<
>

Hopkins would leave Golden Boy to fight again

Bernard Hopkins is content with his ugly revenge over Roy Jones Jr. on Saturday night -- "a win is a win is a win," he says -- but the aftermath of the fight has him questioning the loyalty of his own promoter, Golden Boy, and contemplating a walk to another promoter if that's what it takes for him to keep fighting at age 45.

Hopkins believes pretty much the entire boxing industry is seizing upon the lackluster Jones rematch as a lever to drive him and his nonconformist attitude out of the sport, "to wrap me up in Roy Jones' grave and throw me in, and kill two birds with one stone," he told ESPN.com on Thursday from his house in Delaware. "I'm not going to let them do that to me."

Many in the media have urged both Jones, 41, and Hopkins to hang up the gloves before someone really gets hurt.
Those doubters aren't new to The Executioner, but he seems especially hurt by comments that Golden Boy CEO Richard Schaefer made to the media. Schaeffer nudged Hopkins toward retirement, saying it "could be something which, as a friend, I might advise him to consider. I think it's time for his friends and family to have a serious talk with him."

Denying Hopkins a chance to earn a living in the ring doesn't sit well with the fighter.

"Maybe the money's not being made off me like it's being made off somebody else," Hopkins said. "If that's the problem, then fine. I've got a lot of other promoters calling me as of today ... It's gonna look strange to y'all when I'm moving in with [Bob] Arum or [Don] King. I don't blame anybody for being a businessman. Just tell me, so I can do what's right for my family, so you can't blame me for going across the street. That's all I'm saying.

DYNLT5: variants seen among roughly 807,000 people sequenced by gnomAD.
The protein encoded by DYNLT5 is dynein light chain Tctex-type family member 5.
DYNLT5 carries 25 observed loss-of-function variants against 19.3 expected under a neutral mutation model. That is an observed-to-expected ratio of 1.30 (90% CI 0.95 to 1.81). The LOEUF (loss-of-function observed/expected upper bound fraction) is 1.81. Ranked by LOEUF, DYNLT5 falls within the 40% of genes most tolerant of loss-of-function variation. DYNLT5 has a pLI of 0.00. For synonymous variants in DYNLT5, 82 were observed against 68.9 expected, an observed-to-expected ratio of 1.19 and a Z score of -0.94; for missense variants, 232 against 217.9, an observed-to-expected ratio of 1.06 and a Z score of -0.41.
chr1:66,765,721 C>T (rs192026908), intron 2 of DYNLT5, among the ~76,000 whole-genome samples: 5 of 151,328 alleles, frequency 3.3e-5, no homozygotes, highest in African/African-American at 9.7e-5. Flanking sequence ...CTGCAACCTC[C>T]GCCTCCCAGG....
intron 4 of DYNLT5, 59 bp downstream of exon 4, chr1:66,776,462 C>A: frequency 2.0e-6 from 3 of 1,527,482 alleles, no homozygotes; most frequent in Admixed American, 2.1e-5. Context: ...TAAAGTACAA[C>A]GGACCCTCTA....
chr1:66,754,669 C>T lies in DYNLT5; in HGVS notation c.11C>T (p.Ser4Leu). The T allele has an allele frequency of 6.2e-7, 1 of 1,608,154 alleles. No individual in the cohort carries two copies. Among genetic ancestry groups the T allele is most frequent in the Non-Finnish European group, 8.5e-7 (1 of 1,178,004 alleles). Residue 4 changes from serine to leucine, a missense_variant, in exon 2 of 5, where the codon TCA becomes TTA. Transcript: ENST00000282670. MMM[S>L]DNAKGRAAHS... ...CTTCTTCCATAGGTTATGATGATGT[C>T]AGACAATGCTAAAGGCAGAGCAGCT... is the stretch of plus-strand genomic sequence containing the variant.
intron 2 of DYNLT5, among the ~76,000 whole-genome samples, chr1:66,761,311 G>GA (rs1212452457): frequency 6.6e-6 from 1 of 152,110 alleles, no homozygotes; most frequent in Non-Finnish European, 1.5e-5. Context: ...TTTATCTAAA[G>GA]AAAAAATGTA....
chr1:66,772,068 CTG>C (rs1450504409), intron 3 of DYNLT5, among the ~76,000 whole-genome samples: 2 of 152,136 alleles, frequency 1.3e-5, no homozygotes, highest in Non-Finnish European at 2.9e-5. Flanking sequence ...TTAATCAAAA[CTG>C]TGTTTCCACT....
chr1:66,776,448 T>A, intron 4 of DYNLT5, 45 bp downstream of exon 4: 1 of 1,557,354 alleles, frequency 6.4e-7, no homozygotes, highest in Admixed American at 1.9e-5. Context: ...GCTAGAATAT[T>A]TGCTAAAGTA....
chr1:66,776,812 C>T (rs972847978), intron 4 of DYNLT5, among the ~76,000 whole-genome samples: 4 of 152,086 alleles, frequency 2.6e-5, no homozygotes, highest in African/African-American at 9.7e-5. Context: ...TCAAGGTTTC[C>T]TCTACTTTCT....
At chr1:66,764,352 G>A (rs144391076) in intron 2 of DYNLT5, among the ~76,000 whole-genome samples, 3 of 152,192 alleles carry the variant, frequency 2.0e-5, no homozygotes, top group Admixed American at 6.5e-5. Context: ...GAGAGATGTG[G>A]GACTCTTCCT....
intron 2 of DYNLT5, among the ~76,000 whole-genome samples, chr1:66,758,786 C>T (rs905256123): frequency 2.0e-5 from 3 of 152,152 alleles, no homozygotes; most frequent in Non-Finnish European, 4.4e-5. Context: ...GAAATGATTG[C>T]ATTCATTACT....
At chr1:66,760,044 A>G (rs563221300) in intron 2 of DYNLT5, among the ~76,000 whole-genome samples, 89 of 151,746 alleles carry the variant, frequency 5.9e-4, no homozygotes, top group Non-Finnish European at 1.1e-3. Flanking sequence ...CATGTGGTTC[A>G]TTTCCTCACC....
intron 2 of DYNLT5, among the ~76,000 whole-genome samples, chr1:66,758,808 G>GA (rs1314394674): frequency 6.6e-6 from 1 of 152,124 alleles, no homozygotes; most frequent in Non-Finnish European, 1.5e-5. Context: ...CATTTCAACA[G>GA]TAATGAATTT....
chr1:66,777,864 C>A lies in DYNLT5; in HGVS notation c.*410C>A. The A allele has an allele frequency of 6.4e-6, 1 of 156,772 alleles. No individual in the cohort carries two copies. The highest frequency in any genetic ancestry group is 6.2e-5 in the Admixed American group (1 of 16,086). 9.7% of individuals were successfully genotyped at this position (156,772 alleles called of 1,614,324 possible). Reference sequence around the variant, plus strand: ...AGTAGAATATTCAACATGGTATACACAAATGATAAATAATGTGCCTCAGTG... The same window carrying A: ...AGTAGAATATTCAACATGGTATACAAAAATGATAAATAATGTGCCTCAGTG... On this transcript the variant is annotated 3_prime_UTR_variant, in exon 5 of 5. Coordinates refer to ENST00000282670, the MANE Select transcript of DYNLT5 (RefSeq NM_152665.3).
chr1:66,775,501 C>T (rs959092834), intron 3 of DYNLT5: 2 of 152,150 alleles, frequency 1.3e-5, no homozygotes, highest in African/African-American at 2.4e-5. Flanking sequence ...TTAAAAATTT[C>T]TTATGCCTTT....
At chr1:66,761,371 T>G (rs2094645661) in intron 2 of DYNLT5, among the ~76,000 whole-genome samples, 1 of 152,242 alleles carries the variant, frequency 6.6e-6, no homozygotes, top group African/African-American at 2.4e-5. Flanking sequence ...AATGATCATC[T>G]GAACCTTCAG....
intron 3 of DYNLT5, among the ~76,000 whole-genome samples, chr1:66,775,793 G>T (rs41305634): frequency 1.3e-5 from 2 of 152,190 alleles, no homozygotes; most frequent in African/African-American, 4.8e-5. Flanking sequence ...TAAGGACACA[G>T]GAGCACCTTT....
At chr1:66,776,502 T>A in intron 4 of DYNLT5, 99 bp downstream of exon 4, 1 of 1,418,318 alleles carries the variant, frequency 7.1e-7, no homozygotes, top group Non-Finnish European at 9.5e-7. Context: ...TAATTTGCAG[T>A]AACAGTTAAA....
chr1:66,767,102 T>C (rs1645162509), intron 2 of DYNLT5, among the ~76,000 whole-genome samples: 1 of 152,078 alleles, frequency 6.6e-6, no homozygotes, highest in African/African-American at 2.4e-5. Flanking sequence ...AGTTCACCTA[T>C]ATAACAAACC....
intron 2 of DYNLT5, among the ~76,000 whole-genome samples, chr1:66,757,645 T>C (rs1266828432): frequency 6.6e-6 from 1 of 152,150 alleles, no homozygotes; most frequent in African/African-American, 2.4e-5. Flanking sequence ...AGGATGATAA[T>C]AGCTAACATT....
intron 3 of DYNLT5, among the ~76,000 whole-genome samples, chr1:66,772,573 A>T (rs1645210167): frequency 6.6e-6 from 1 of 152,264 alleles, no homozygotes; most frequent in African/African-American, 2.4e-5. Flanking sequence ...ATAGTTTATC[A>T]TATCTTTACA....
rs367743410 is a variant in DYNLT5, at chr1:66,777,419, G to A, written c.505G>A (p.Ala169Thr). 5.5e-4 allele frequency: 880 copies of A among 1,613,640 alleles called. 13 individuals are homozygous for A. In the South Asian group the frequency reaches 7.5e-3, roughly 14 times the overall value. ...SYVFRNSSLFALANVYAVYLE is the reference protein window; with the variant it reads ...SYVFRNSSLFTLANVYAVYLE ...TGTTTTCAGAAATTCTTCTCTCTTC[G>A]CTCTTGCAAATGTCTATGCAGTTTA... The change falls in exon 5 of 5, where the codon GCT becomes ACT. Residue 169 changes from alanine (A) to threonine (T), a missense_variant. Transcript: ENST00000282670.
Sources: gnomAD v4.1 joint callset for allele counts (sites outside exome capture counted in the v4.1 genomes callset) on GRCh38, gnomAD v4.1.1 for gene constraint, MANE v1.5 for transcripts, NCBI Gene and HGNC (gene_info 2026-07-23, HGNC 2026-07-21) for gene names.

"It needs to come out now, because at the end of the day, Bernard Hopkins [has] always been his own man, and if the industry thought that I was gonna be a controlled puppet because I'm in with a big company, they're in for a rude awakening. Because Bernard Hopkins is not going to become part of the industry. Maybe I won't survive as a Golden Boy promoter. "

One thing Hopkins is sure of is he's not saying goodbye to the ring just yet.

"The thing is coming to a head based on my next move. Because my next move isn't retirement. I have no reason to retire," he said.

Hopkins has spent nearly a year telling people he'd like to challenge for David Haye's heavyweight title. Now he suggests even his own company (Hopkins has a small equity stake in Golden Boy), which also promotes Haye, is walking away from the idea.

"Don't tell me that he's bigger, he's stronger," Hopkins said, seemingly aiming his comments at his own business partners. "They told [Evander] Holyfield that. You're telling me that [he can't fight Haye] because of the Roy Jones fight? So, let's play Devil's Advocate, Richard ... Now you try to use the illegal hit on the back of the head to say that you won't be a part of that [a Haye fight]?"

Even Haye said he'd rather fight Wladimir Klitschko than give Hopkins a shot, and that scenario seems increasingly unlikely.

So what's next? Hopkins says he's "in talks now." Only time will tell.